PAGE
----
May 24th, 2016  |  Published in May 2016


At the end of every school year, as the weather begins to warm and excitement grows with the anticipation of things to come, the University of Cincinnati College of Design, Architecture, Art, and Planning puts on a very special runway show. For visitors, it’s an opportunity to see the innovative work of the department’s DAAP fashion design students. Our chance to forecast what the industry itself may soon look like, especially given DAAP’s reputation as one of the U.S.’s top fashion design schools.

But for DAAP itself, the annual show is a time to gather, to celebrate, and to reflect. That’s what makes it so special as an audience member. We feel as if we’re given a special look into the inner workings of a family. One that is incredibly proud of those seniors preparing to leave UC and take the fashion world by storm, yet a little sad to see them go.

The show is always good, professionally crafted and filled with exciting new talent. This year was no different. The theme of #DAAPFash16 was “Structure + Growth = Process”. It calls to mind the lifecycle of both a fashion design student and a fashion designer. These graduating seniors are different now from whom they will become, and are not the same entirely as when they entered the program.  As designers, they will continue to grow and evolve thanks to the wonderful base of skills acquired at DAAP.

After a showcase of current styles from the show’s sponsor Macy’s (senior designers styled these in collaboration with the store), the runway kicked off with a series of looks at the design steps that students take to arrive at their Senior Capstone Thesis. Included were the IKEA project, childrenswear, body wear, draping becomes dresses, tailoring, and finally knitwear. It’s helpful to know these steps in detail as it frames the senior pieces presented later on.

It is important to note that one of the steps is not menswear, which we did see later on. With the great strides being taken in the menswear industry at the moment, perhaps that will be a step soon added to the DAAP curriculum.

Before the senior capstones were presented, the runway spotlight moved to the work presented by the Senior Product Development students. Their brief was to solve a problem, the job of every good product developer, and the work shown was both exciting and impressive. Among the group two interesting themes developed: customizable, lifestyle-accomodating outerwear and inclusive communities designed for free exchanges of ideas. These seniors are clearly in tune with the world around us and the evolving needs of consumers.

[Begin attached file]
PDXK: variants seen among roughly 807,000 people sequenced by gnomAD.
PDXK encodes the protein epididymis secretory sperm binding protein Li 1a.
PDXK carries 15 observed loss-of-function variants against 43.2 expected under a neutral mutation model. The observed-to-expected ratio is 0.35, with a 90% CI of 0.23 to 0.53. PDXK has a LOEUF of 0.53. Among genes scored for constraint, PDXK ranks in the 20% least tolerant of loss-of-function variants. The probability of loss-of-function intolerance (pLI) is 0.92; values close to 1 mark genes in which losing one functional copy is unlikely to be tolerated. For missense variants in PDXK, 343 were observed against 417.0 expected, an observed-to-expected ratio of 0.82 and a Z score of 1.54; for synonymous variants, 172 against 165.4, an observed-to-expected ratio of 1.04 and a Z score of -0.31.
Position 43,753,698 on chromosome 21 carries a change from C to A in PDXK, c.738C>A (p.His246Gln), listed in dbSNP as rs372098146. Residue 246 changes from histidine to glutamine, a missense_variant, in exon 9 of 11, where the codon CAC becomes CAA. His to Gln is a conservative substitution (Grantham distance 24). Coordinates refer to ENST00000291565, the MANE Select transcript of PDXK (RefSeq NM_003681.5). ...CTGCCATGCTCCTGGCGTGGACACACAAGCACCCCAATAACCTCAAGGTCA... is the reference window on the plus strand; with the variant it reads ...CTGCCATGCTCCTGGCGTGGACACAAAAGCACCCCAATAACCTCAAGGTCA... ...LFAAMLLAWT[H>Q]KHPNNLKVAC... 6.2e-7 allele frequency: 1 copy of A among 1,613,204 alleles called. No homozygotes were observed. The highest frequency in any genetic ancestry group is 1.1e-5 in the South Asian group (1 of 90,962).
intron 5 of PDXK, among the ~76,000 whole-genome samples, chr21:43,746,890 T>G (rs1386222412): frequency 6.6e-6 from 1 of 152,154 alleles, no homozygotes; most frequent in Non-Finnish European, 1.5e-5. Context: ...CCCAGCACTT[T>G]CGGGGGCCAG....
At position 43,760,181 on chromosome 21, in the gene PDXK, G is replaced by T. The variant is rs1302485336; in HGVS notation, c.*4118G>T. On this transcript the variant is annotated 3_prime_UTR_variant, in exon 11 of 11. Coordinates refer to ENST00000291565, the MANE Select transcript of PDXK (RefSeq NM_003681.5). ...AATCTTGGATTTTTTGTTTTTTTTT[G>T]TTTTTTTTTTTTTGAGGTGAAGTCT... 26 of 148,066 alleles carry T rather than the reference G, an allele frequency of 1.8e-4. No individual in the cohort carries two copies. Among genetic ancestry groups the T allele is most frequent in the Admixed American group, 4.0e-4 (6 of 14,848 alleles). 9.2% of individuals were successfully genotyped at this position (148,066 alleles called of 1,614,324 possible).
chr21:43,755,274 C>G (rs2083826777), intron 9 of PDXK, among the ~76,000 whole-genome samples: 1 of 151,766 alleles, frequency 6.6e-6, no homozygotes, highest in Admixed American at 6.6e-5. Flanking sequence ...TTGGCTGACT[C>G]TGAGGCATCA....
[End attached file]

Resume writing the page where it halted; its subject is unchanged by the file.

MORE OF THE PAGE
Now onto the Senior Capstone Projects presented by the fashion design students. These projects totaled 36 in all and each was interesting in its own right. It’s impossible to go through each collection in detail, but here are some takeaways.

In her collection, Rachael Bailey played with the “balance of femininity and masculinity” while commenting on the use of all-natural materials vs. ones made by machine. The designer event went so far as to incorporate flowers that she collected into one of her Plastic Bloom pieces.

A burst of knitwear was shown on the runway thanks to designer Alexandra Thompson who has a true gift. Heavy as I’m sure the pieces were, they read as light and “frothy” in the best way. It was especially welcome that these knitwear pieces were at both times intricate and streamlined.

Many designers took their cues from history and the inspiration elevated their work beautifully. Alexa Benjamin looked to poppies in the fields of World War I, Simha Israel referenced garments worn by African Americans after the abolition of slavery, and Mary Claire Meyer paid tribute to the waters of the Ohio River Valley. As history so informs our current lives and our future, seeing the young designers’ interpretations of history was, in itself, inspiring.

And menswear  was shown on the runway in some collections whose sole focus was men and, in others, where the two genders were intermixed. Overall, the designers who showcased menswear did so with a forward-thinking eye. There were no suits or embedded expectations of what men should wear. Nick Beiler should be especially applauded with his fem(me) collection.

Finally, let’s close this AEQAI fashion column with reflection. The DAAP community lost several members of its family this year and #DAAPFash16 did a beautiful job of paying respects to Natalie Altieri, Anthony Muto, and Hanna Hall. All three made indelible impressions on the lives of DAAP students and faculty.

It was especially touching to see that many garments in the show were tagged with “For Hanna – Love & Detail”, a special nod to Hanna Hall’s words of wisdom.

– Jenny Perusek is a freelance Brand Manager, specializing in fashion and the creative arts.

Comments are closed.